Contrary to Nisbet’s customary humility, the dissertation is a tour de force, a well-researched and complex, interlocking series of intellectual biographical sketches, tracing Western thought from the high Middle Ages through the thought of Jean Bodin, Thomas Hobbes, Jean-Jacques Rousseau, Louis de Bonald, Félicité Robert de Lamennais, Auguste Comte, Frederic LePlay, and Emile Durkheim, with sidenotes on other vital figures such as Joseph de Maistre. The thinkers from Bonald through de Maistre constituted as a sort of “Reactionary Enlightenment.”[11] Though Nisbet would publish his most famous work, The Quest for Community, fourteen years later, that book would not have been possible had it not been for the dissertation. And yet the two works are unlike enough to consider the dissertation on its own fine merits. It should be remembered, Robert Alexander Nisbet was only twenty-six when he wrote the dissertation, and he did so at the end of only three years of graduate work. It was, he admitted years later, a sort of “Hail Mary.”[12]

Nisbet offered an assessment of his work in 1980, forty-one years after he had written it. Its greatest deficiency, he thought in hindsight, was the absence of the thought and figures of Edmund Burke and Alexis de Tocqueville, whom Nisbet (or seemingly Teggart) had yet to encounter. “To my undying chagrin, I missed, somehow failed to find, at this time the powerful presences of Burke and also Tocqueville in this conservative efflorescence,” he lamented. Oh well, he sighed. “Never mind. I had at least made my way to an area into which both Burke and Tocqueville would take quick and fruitful place.”[13] Whatever its failings, Nisbet believed at age 67 the dissertation had presented four important things. First, Nisbet thought, the dissertation had made academia “aware” of the issue of intermediate associations and their importance, especially as Nisbet would develop the theme in his first several published articles and in his masterful Quest for Community. Second, he believed, he had explained—at least through the thinkers employed in the dissertation—“the indispensability to a free and stable society of voluntary association and localism.”[14] Third, he noted with some pride, “I take considerable satisfaction in having introduced to American intellectual history the importance of the French conservatives and their political, social, and economic ideas.”[15] Finally, but certainly not least of the contributions, Nisbet recognized that he had strongly connected the ideas of Jean-Jacques Rousseau in a concrete, tangible fashion to the actual legislation passed and implemented during the radical stages of the French Revolution.[16]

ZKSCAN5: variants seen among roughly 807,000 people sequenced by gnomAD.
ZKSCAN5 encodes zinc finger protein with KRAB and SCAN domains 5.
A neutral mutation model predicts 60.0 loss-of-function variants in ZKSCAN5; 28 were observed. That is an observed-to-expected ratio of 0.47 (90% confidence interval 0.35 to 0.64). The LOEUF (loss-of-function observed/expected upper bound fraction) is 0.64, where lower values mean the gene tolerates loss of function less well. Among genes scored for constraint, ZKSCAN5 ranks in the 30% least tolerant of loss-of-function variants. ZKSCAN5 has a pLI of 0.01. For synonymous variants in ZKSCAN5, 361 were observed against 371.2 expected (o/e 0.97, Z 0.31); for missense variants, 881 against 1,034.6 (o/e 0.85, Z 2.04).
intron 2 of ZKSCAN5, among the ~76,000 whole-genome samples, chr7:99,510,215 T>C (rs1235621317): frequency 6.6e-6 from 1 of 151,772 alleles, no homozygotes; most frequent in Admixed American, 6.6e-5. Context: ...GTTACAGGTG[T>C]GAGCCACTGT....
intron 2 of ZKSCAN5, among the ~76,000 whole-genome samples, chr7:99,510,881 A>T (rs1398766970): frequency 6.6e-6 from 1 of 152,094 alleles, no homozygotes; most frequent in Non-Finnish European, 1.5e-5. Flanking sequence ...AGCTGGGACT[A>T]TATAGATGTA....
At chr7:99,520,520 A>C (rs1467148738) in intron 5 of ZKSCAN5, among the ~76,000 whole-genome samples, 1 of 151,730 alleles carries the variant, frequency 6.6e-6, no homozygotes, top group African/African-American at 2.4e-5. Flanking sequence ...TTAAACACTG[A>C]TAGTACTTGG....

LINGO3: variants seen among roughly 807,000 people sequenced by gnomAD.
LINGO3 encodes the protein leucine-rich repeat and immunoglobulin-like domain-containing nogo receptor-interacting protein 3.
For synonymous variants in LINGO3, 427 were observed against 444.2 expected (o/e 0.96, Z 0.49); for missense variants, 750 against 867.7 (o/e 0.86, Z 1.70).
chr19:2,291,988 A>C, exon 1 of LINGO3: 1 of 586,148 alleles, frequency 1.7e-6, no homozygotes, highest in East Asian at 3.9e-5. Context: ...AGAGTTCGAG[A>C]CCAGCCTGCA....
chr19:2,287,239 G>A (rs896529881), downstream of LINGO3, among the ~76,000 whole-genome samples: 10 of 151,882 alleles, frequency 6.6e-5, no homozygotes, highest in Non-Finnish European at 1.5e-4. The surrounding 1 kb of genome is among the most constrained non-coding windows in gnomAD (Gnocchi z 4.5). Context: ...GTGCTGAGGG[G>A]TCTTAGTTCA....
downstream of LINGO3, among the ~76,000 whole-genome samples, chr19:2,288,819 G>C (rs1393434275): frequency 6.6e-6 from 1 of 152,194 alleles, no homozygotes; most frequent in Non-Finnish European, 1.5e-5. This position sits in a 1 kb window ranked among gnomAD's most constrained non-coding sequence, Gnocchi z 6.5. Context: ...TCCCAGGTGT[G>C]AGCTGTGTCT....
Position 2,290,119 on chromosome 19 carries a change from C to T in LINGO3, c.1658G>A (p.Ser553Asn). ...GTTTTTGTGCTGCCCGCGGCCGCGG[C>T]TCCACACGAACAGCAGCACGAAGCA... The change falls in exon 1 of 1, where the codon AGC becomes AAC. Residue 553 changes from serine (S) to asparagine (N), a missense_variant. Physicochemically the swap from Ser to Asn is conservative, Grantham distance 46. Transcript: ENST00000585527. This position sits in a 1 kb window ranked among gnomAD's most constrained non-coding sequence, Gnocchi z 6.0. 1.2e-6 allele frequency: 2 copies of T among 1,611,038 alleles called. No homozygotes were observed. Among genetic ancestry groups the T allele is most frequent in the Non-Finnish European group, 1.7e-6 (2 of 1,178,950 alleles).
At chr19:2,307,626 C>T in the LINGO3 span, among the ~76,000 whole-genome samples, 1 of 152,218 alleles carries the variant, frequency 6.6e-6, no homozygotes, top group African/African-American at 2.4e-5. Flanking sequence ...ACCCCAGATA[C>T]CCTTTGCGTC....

This essay is the first in a two-part series on Robert Nisbet’s dissertation.

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[1] Robert Nisbet, “Introduction,” The Making of Modern Society, 7.

[2] Nisbet, “Teggart of Berkeley,” 75.

[3] Nisbet, Teachers and Scholars, 159.

[4] Ibid., 170, 172.

[5] On his M.A., see “Degrees or Certificates Given to 448 Berkeleyans,” Berkeley Daily Gazette (May 21, 1938). On his Ph.D., see “38 Berkleyans are Awarded Degrees at U.C.,” Berkeley Daily Gazette (February 27, 1940), pg. 16.

[6] Nisbet, “Introduction,” The Making of Modern Society, 7.

[7] On Nisbet and Heron’s wedding, see Berkeley Daily Gazette (July 7, 1936); and Berkeley Daily Gazette (July 31, 1936).

[8] Nisbet, “Author’s Foreword,” in The Social Group in French Thought (New York: Arno Press, 1980), viii.

[9] Nisbet, “Author’s Foreword,” The Social Group in French Thought, xiii. Of course, this author is tempted to remind his readers that, at least in Middle-earth, chance was another name for providential intervention and comfort.

[10] Nisbet, “Introduction,” The Making of Modern Society, 7.

[11] Nisbet, “Introduction,” The Making of Modern Society, 8. A few years after Nisbet wrote his dissertation, he tried to explain the methodology of sociology. “The history of any social science is less an affair of biographical facts strung loosely together by the thread of chronology and it is an inquiry into the rise and development of the central concepts of the discipline.” See Nisbet, “The French Revolution and the Rise of Sociology in France,” American Journal of Sociology 49 (September 1943): 156.

[12] Nisbet, “Introduction,” The Making of Modern Society, 7.

[13] Ibid., 8.

[14] Nisbet, “Author’s Foreword,” The Social Group in French Thought, xii.

[15] Ibid.

[16] Ibid.